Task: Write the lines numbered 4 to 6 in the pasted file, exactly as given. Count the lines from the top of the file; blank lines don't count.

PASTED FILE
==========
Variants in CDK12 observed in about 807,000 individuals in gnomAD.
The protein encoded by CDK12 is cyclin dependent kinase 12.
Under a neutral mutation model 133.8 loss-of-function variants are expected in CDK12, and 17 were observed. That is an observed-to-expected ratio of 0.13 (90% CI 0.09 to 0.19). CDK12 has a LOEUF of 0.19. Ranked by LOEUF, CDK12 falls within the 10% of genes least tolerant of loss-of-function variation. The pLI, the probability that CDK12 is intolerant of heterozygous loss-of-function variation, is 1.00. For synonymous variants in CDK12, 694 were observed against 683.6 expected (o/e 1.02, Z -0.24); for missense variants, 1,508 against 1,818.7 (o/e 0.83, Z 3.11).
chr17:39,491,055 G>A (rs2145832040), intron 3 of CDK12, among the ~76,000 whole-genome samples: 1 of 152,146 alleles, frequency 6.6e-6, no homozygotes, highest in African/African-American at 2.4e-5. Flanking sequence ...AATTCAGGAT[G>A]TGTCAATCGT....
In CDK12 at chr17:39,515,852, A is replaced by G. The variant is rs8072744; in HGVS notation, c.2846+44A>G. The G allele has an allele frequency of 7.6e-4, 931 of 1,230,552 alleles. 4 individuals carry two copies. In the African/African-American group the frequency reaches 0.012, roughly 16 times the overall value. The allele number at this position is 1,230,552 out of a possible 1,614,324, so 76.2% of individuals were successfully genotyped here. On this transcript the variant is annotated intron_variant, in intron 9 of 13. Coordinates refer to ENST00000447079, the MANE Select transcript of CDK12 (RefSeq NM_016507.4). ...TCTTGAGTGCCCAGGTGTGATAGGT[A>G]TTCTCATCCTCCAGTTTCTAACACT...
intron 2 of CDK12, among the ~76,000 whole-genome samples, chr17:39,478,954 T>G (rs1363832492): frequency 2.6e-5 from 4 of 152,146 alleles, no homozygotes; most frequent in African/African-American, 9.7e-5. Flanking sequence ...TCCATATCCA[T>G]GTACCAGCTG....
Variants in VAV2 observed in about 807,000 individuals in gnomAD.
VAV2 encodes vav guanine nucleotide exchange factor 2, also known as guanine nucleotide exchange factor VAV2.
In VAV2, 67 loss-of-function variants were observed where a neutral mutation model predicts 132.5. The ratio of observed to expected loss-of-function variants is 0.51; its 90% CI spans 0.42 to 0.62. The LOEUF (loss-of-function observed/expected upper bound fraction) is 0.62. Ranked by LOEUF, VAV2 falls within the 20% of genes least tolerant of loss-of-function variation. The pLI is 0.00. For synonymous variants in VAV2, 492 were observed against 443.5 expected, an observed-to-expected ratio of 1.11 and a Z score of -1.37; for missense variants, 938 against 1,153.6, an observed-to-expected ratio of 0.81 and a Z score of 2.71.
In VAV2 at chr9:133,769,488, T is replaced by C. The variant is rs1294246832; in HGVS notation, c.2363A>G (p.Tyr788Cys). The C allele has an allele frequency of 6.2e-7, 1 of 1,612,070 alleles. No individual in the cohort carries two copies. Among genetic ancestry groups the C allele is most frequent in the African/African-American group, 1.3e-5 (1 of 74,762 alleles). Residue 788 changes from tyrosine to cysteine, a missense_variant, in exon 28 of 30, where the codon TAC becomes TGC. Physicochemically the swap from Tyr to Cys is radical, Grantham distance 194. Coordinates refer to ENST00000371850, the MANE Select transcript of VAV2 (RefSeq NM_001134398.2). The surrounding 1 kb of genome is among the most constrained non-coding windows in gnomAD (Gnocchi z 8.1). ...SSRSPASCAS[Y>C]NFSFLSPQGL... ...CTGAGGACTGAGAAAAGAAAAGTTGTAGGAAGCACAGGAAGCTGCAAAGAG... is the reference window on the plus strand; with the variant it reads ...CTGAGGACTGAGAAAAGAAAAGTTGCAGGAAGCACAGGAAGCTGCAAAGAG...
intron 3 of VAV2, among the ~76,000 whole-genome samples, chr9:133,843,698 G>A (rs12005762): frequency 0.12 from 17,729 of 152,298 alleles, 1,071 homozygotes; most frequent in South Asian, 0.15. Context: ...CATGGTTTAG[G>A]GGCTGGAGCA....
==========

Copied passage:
chr17:39,491,055 G>A (rs2145832040), intron 3 of CDK12, among the ~76,000 whole-genome samples: 1 of 152,146 alleles, frequency 6.6e-6, no homozygotes, highest in African/African-American at 2.4e-5. Flanking sequence ...AATTCAGGAT[G>A]TGTCAATCGT....
In CDK12 at chr17:39,515,852, A is replaced by G. The variant is rs8072744; in HGVS notation, c.2846+44A>G. The G allele has an allele frequency of 7.6e-4, 931 of 1,230,552 alleles. 4 individuals carry two copies. In the African/African-American group the frequency reaches 0.012, roughly 16 times the overall value. The allele number at this position is 1,230,552 out of a possible 1,614,324, so 76.2% of individuals were successfully genotyped here. On this transcript the variant is annotated intron_variant, in intron 9 of 13. Coordinates refer to ENST00000447079, the MANE Select transcript of CDK12 (RefSeq NM_016507.4). ...TCTTGAGTGCCCAGGTGTGATAGGT[A>G]TTCTCATCCTCCAGTTTCTAACACT...
intron 2 of CDK12, among the ~76,000 whole-genome samples, chr17:39,478,954 T>G (rs1363832492): frequency 2.6e-5 from 4 of 152,146 alleles, no homozygotes; most frequent in African/African-American, 9.7e-5. Flanking sequence ...TCCATATCCA[T>G]GTACCAGCTG....